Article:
Dad tells of being forced to leave dead son on roadside

By Liam Heylin

The father of a teenage cyclist who was struck by a drink driver has described having to leave his son’s body at the side of the road to get home to break the news to his daughters before they found out on social media.

Stefan Cooper, 18, died after he was struck by a car driven by Seán Collins at Barley Hill, Roscarberry, Co Cork, in March 2016.

Collins, who had a previous drink drive conviction from 2006, pleaded guilty to driving a car with excess alcohol — 140 mgs of alcohol per 100 mls of blood at a time when the limit was 50 mgs.

The 70 year-old, of The Bungalow, Threegneeves, Leap, Co Cork, also pleaded guilty to charges of driving without due care and attention causing Stefan’s death.

Yesterday, he was given a one year suspended jail term, a €500 fine, and was banned from driving for five years.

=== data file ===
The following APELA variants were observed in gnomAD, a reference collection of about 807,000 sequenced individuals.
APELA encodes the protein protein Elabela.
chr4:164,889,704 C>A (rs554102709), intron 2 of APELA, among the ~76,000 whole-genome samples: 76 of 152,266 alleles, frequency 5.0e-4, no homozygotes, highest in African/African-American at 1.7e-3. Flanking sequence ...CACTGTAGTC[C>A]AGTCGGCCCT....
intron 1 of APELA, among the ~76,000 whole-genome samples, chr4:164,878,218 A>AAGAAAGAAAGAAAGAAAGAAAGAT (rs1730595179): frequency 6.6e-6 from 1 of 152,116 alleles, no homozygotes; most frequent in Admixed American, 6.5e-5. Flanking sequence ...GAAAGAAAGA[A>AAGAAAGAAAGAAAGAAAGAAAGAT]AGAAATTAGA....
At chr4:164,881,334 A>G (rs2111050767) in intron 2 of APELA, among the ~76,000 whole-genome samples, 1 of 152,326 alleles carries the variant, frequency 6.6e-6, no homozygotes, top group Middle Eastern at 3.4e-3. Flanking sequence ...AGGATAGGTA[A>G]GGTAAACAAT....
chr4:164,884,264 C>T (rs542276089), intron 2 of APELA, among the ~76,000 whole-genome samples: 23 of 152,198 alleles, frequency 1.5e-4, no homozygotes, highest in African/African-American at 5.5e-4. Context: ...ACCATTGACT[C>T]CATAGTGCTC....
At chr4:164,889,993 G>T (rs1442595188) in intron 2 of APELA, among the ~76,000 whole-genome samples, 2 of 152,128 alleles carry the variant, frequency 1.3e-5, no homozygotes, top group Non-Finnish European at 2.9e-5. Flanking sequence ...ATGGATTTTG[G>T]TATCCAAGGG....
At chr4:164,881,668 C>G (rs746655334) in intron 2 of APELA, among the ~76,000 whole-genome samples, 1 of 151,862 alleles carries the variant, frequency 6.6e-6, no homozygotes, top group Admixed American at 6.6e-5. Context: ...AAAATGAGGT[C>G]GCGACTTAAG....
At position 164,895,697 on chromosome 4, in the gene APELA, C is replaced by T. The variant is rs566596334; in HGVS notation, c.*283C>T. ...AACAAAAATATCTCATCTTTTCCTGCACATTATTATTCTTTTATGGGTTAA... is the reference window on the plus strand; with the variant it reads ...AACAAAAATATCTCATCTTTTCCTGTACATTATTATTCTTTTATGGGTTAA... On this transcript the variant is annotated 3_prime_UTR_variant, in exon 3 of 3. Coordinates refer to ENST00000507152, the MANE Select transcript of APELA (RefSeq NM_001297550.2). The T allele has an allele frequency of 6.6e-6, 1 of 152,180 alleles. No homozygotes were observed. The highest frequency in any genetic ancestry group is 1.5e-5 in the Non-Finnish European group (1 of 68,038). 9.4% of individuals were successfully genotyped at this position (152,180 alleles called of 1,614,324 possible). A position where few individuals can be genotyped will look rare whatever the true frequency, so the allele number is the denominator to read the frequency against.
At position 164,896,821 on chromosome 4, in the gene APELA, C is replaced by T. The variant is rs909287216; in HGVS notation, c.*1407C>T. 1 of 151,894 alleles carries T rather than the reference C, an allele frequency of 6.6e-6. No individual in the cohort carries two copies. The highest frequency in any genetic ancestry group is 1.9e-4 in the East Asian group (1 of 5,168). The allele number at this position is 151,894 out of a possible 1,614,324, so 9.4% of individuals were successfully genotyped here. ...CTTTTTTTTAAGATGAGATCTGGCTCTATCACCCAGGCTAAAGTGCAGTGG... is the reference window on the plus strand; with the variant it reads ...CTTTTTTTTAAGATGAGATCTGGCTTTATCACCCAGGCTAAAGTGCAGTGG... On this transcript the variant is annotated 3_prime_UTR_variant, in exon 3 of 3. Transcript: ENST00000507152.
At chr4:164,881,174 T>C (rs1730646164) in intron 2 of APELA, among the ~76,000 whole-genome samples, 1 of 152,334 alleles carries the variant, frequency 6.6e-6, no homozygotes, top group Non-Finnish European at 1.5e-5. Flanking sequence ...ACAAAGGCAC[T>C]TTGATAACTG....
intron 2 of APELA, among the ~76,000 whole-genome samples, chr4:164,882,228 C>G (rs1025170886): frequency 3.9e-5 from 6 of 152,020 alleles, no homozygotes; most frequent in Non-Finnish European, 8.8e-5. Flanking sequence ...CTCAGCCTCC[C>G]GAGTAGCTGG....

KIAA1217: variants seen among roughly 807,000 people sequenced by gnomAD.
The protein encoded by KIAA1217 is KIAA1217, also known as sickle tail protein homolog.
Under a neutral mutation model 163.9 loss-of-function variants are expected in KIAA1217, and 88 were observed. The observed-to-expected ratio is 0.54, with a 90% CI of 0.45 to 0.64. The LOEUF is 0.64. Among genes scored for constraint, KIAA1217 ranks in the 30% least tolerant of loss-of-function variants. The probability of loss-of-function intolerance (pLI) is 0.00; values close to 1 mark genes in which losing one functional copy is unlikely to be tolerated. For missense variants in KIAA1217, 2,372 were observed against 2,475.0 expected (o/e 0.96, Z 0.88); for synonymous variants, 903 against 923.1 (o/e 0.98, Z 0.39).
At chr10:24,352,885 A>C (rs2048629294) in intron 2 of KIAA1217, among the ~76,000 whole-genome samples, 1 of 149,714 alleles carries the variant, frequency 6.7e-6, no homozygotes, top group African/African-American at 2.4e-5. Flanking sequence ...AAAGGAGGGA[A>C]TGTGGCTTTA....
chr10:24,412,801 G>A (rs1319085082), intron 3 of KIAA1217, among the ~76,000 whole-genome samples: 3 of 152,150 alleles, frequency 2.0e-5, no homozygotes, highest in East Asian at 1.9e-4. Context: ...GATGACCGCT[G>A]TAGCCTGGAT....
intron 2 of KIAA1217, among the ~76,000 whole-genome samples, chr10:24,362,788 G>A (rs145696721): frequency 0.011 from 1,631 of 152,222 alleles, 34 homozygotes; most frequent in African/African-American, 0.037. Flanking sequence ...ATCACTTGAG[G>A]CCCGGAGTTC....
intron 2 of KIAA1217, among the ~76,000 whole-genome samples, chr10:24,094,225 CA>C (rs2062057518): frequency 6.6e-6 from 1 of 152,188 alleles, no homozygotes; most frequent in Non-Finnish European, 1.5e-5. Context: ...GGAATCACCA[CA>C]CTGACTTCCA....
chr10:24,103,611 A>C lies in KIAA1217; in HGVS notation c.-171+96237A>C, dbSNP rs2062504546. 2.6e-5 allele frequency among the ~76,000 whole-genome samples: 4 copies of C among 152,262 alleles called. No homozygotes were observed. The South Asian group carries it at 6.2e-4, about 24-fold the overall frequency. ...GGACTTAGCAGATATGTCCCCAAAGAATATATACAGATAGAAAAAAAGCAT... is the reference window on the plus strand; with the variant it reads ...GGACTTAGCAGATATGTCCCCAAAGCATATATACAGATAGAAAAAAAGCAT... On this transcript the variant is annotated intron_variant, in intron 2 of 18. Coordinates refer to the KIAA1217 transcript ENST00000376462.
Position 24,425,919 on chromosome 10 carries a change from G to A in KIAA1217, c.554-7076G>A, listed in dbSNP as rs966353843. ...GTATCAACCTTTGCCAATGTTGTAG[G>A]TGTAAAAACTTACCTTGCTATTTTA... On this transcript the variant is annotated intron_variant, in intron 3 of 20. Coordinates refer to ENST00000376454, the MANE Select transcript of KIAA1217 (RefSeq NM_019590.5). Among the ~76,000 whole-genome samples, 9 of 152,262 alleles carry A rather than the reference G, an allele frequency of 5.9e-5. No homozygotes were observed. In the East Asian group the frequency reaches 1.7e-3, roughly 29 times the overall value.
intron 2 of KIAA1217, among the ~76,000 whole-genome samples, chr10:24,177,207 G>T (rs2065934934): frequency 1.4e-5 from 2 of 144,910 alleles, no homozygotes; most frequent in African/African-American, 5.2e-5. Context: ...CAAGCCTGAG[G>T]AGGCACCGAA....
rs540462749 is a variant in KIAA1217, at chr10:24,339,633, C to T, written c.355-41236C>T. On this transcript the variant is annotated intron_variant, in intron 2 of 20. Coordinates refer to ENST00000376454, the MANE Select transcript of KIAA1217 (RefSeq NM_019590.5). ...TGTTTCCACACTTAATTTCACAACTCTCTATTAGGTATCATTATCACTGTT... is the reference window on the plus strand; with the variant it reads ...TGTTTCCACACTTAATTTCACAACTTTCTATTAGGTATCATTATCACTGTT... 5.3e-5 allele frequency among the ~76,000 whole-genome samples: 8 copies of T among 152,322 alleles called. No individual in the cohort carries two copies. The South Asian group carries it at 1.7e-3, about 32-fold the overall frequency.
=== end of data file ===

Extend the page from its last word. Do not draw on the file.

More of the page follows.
Stefan Cooper.

In a victim impact statement read to Cork Circuit Criminal Court, Stefan Cooper’s father Christy told how he had to identify his son’s body on the side of the road. He then became concerned that his daughters might find out about the tragedy over social media.

“I had to make the most difficult decision of my life, whether to stay with Stefan and risk my girls finding out about his death from someone else or to get home to them before this happened,” he said. “Eventually I had to leave my son on the side of a wet road in the company of strangers to protect my daughters.”

Stefan’s sister Michaela described the impact of her brother’s death. “I honestly never realised how cosy our house was — full of joy and comfort — until he died. Now it just feels empty, lonely, and big.

“His [Collins’] life will never be the name again, nor his family’s, but because of him, my brother does not have a life to live and that, at the end of the day, is unimaginably painfully unforgivable.”

His other sister Emelia said: “Losing my brother at 15 messed up my life beyond repair. I’ve lost the only brother I had. It is unforgivable that he is gone. He is gone because someone couldn’t follow the rules and it is beyond unforgivable that he has ruined our family.”

This story first appeared in the Irish Examiner.

KEYWORDS: court, drink drive

 

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